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Rare, late work by J.M.W. Turner to highlight Sotheby's July Old Master Evening Sale
J.M.W. Turner, Landscape with Walton Bridges. Estimate: £4-6 million. Courtesy Sotheby's.


LONDON.- A rare, late work by Britain’s favourite artist, J.M.W. Turner, will be unveiled in Moscow today ahead of its sale at Sotheby’s Old Master Evening Sale on 3 July. One of an important group of works painted by the artist in the last ten years of his life, Landscape with Walton Bridges, comes to the market for the first time in over 35 years with an estimate of £3-4 million.

One of the preeminent figures that mark the pages of history – like da Vinci, Darwin, Picasso or Einstein – who changed the way we see and think about the world, Turner is an artist rooted in the aesthetic philosophy and culture of his time. Perpetually engaged with the art of both his predecessors and contemporaries, he was at the same time possibly the first ‘modern’ painter; who directly inspired the Impressionism of the nineteenth century, and presaged the Abstract Expressionism of the twentieth.

Seemingly inspired by a sense of sheer delight in the working of paint, Turner’s visionary, experimental late works produced from the 1830s until his death in 1851 are considered to be the artist’s supreme achievement, and the pictures upon which his artistic significance ultimately rest. Essentially explorations of the effects of light, Turner created the works for himself, rather than for exhibition or for sale, retaining them for the development of his art. With their bold application of colour, their treatment of light and their deconstruction of form, these late works revolutionised the way the painted image was perceived. Applying the techniques he perfected in watercolour to the use of oil, with successive layering of translucent colour thinly applied to the surface, which imbue his canvases with a rich, hazy light, Turner gave his works a potency and power that had never been achieved before, and has seldom since.

This series of late works was inspired by compositions found in the Liber Studiorum, the series of engraved views Turner had published earlier in his career, around 1810-11. The central motif - Walton Bridges - is also one that the artist had treated twice before in oils, in 1806 and 1807. Clearly a subject with significant meaning to him, in this work he sets the bridge in an idealised, Italianate landscape of his own imagining.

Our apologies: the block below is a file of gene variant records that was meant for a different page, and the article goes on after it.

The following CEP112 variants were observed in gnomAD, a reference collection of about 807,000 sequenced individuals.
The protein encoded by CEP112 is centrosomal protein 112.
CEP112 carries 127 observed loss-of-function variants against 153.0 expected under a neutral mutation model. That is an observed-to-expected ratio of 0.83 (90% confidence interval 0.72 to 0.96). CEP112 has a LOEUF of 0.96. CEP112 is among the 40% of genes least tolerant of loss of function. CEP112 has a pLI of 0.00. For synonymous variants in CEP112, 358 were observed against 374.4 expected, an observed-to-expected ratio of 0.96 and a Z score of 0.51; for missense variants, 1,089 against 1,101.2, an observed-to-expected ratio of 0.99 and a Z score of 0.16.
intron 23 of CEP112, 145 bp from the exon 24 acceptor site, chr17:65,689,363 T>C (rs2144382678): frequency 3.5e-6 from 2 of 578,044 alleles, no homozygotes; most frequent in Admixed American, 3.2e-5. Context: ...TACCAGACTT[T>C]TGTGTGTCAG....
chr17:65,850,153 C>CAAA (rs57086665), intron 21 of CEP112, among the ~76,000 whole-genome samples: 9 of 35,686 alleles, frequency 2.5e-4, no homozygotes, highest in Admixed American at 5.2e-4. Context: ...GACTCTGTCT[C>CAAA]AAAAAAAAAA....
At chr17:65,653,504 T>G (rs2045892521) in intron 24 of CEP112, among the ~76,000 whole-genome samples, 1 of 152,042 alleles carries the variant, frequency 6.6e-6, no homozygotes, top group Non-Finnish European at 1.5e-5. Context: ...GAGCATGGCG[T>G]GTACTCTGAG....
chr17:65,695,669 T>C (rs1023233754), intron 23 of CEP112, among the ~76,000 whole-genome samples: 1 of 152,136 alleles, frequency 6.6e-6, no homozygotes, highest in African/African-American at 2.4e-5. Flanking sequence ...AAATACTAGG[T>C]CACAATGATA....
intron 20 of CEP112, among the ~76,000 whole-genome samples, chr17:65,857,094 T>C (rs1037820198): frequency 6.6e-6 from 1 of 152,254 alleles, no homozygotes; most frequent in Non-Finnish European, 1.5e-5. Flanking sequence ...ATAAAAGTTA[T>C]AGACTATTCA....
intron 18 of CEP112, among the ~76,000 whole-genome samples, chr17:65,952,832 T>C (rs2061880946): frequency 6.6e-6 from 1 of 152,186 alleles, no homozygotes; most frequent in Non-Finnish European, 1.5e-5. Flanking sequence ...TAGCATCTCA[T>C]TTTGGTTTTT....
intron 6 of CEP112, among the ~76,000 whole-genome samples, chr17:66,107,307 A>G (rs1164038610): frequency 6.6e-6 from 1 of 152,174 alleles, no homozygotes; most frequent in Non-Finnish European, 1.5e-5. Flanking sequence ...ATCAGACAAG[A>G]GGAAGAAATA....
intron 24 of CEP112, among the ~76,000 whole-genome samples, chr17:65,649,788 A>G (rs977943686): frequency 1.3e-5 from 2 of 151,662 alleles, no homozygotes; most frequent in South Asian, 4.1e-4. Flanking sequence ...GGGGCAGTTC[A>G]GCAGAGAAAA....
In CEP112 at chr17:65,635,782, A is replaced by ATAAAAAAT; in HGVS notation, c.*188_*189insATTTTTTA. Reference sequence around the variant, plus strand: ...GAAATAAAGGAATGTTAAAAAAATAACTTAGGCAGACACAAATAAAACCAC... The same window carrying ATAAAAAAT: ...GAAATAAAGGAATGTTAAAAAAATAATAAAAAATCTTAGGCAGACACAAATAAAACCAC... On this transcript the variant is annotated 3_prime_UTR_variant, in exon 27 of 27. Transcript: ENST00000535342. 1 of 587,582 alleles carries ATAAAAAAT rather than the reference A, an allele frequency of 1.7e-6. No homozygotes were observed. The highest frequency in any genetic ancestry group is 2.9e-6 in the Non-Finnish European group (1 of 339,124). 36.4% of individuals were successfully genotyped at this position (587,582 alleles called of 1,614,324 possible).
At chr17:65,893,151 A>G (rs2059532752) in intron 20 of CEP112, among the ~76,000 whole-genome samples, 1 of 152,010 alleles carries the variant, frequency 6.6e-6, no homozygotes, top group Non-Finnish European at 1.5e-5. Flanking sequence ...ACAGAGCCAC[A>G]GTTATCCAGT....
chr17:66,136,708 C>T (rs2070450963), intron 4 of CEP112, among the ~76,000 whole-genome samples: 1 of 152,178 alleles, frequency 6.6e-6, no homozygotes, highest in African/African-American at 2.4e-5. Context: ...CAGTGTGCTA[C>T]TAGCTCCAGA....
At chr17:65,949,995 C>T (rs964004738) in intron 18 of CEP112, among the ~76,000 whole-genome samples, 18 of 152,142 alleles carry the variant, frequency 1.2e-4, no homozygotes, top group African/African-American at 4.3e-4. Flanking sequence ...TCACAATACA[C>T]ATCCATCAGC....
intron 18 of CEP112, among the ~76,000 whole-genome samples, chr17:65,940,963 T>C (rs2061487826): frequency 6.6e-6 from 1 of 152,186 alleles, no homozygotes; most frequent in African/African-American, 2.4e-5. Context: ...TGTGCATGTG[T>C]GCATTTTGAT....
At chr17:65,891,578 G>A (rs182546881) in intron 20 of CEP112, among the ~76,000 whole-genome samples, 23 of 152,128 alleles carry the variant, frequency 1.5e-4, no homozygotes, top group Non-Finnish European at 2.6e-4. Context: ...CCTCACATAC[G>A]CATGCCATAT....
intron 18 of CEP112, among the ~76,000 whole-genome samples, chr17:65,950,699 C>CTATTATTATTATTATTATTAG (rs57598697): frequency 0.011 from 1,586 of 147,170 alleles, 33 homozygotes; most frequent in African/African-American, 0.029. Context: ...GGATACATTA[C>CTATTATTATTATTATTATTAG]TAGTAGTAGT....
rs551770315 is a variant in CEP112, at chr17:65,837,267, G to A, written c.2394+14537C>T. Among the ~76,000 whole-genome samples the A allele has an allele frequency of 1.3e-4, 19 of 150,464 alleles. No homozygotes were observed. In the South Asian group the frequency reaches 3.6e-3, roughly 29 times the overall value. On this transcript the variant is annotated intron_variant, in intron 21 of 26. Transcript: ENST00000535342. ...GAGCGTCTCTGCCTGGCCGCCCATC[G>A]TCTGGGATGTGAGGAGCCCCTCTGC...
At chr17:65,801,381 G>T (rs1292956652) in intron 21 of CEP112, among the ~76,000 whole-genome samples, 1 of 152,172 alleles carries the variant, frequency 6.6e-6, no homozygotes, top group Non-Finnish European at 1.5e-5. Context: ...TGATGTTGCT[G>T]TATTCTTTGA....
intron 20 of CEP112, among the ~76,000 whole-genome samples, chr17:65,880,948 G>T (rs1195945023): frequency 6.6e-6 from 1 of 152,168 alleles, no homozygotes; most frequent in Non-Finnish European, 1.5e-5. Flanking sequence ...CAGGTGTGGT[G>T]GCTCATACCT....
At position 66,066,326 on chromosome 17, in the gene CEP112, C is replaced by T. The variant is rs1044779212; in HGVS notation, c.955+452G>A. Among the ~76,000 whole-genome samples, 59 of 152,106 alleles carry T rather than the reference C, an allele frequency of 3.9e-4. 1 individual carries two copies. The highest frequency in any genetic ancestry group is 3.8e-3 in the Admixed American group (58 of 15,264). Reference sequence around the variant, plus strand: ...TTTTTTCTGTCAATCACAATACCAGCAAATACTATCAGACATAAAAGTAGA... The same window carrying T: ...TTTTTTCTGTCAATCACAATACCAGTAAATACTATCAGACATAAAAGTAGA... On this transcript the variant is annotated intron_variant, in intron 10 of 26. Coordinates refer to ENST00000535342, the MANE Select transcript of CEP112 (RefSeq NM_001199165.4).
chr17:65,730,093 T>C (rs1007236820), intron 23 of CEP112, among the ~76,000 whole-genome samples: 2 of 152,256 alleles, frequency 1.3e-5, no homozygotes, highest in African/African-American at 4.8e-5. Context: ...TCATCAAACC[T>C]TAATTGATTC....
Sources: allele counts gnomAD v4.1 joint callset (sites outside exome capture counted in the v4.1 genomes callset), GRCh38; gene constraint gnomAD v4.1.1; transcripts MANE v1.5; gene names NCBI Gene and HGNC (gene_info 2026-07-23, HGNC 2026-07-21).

Julian Gascoigne, Sotheby’s Old Master Paintings specialist commented: “This spectacular series of late oil paintings, in which Turner fondly revisits and reworks motifs long cherished in his mind, show a great artist late in his career, with his reputation established and his financial needs met, freed from the demands of public exhibition and the constraints of his critics. Vigorously and freely painted, with an emphasis on colour and light, rather than structure and form, he is exploring the possibilities of his medium and painting for himself, not for public consumption. Nearly two centuries later, however, seen through the lens of the Impressionism and Abstract Expressionism that would follow in the 19th and 20th centuries, we recognise them as the first seeds of an idea, from which would be born modern art.”

One of a very small handful of late works to ever have left Turner’s studio, and therefore not included in the Turner Bequest at Tate Britain, Landscape with Walton Bridges was given to his landlady and partner in later life, Sophia Booth, with whom the artist had lived in Margate and London during the last years of his life. The work is now the only one of this group of ten or so proto impressionist late pictures inspired by the Liber Studiorum left in private hands.

In 1887 the painting was acquired by the great American financier and collector Junius Spencer Morgan and spent the next hundred years as one of the jewels in the crown of the celebrated Morgan Collection in New York.

Landscape with Walton Bridges is unveiled today in Moscow alongside Pieter Brueghel the Younger’s Winter Landscape with a Bird Trap (estimate: £1.5 – 2 million) and Gerrit Dou’s The Penitent Magdalene (estimate £800,000 – 1.2 million) from Sotheby’s Old Master Evening Sale on 3 July, and works from the forthcoming Russian Paintings sale in London on 5 June and the Impressionist and Modern Art Day Sale in New York on 15 May.

Landscape with Walton Bridges will also be exhibited at Sotheby’s New York (18 – 21 May) and Sotheby’s Hong Kong (28 – 30 May).





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